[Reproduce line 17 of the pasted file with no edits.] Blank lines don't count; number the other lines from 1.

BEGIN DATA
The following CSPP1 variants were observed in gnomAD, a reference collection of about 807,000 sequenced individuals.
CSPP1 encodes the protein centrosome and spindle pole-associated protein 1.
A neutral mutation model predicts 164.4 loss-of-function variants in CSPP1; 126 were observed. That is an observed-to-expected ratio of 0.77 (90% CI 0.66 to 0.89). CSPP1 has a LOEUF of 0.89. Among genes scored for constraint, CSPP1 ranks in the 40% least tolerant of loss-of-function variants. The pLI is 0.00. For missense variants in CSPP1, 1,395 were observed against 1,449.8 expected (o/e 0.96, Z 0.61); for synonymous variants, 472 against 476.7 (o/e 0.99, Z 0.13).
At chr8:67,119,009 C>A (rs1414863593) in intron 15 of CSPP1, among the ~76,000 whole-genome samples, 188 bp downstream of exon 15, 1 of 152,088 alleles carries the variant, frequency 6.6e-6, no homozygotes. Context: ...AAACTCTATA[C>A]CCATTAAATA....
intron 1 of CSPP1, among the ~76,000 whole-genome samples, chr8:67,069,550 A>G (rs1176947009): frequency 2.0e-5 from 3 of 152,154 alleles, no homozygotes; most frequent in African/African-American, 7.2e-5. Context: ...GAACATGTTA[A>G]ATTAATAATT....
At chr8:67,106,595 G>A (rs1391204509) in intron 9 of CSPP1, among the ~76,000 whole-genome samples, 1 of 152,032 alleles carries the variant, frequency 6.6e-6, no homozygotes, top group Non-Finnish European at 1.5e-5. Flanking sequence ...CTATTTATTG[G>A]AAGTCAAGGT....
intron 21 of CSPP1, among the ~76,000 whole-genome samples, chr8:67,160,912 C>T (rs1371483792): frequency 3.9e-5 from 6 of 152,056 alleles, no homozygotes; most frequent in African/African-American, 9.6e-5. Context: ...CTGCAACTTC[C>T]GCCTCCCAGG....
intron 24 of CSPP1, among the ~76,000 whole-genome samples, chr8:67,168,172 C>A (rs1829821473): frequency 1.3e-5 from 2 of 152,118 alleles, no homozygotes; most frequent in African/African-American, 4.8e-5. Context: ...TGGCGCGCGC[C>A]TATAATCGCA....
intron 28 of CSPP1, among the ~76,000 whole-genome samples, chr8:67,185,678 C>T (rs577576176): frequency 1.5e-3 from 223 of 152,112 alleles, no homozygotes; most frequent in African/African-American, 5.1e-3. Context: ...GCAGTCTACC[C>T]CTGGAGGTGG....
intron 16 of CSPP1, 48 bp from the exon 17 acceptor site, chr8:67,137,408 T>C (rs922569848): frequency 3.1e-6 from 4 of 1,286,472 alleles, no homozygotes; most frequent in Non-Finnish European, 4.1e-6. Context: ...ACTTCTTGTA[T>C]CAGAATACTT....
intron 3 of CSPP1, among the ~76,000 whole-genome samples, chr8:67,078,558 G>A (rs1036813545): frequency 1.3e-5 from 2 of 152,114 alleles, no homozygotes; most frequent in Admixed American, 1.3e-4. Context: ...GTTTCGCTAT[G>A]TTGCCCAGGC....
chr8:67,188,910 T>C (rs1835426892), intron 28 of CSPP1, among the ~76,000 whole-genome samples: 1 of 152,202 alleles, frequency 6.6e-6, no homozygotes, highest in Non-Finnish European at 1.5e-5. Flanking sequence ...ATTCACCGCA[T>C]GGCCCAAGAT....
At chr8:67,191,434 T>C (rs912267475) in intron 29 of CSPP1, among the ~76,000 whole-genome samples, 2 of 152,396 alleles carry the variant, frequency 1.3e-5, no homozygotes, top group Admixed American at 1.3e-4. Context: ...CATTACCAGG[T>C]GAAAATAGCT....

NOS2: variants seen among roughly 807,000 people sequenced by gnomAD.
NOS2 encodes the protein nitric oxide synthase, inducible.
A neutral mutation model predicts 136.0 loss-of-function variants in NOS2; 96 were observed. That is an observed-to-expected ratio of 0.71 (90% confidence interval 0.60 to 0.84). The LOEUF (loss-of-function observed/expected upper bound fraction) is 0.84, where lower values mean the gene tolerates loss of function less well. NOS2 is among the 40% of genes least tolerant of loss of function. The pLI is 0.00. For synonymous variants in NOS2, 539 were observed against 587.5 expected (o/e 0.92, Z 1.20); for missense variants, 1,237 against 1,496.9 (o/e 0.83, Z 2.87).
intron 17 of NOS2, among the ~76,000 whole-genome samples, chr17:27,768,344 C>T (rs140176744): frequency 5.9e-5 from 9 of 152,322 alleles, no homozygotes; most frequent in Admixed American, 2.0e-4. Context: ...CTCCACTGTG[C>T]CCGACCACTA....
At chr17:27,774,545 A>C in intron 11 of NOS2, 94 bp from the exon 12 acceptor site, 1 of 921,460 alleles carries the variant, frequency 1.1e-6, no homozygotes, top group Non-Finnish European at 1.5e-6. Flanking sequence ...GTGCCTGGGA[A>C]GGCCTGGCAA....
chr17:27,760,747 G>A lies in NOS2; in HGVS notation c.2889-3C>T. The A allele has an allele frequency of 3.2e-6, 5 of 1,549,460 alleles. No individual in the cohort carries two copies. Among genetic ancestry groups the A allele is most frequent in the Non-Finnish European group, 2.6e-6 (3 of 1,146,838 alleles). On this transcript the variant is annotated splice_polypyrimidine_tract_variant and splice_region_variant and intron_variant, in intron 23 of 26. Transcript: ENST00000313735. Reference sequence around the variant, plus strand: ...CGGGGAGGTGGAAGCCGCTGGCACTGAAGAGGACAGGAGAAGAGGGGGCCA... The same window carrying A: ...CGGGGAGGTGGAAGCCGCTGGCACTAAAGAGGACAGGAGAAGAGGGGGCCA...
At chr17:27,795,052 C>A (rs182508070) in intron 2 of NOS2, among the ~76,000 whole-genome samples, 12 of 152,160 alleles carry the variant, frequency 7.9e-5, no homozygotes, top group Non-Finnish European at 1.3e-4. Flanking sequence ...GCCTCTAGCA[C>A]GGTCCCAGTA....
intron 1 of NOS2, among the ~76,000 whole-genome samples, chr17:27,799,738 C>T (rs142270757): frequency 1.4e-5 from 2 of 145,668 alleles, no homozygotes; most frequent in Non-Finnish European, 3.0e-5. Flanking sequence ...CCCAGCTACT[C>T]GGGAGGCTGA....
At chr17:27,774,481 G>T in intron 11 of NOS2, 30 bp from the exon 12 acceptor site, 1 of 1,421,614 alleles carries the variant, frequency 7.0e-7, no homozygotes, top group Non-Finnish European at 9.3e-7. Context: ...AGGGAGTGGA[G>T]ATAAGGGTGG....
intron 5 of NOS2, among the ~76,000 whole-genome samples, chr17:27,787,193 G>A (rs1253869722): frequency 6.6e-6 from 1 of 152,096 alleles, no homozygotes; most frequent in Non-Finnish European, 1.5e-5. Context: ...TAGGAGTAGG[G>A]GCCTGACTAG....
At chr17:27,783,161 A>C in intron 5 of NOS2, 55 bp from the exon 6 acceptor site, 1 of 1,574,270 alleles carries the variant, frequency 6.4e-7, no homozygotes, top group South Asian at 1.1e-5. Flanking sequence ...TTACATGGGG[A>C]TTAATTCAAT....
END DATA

intron 17 of NOS2, among the ~76,000 whole-genome samples, chr17:27,768,344 C>T (rs140176744): frequency 5.9e-5 from 9 of 152,322 alleles, no homozygotes; most frequent in Admixed American, 2.0e-4. Context: ...CTCCACTGTG[C>T]CCGACCACTA....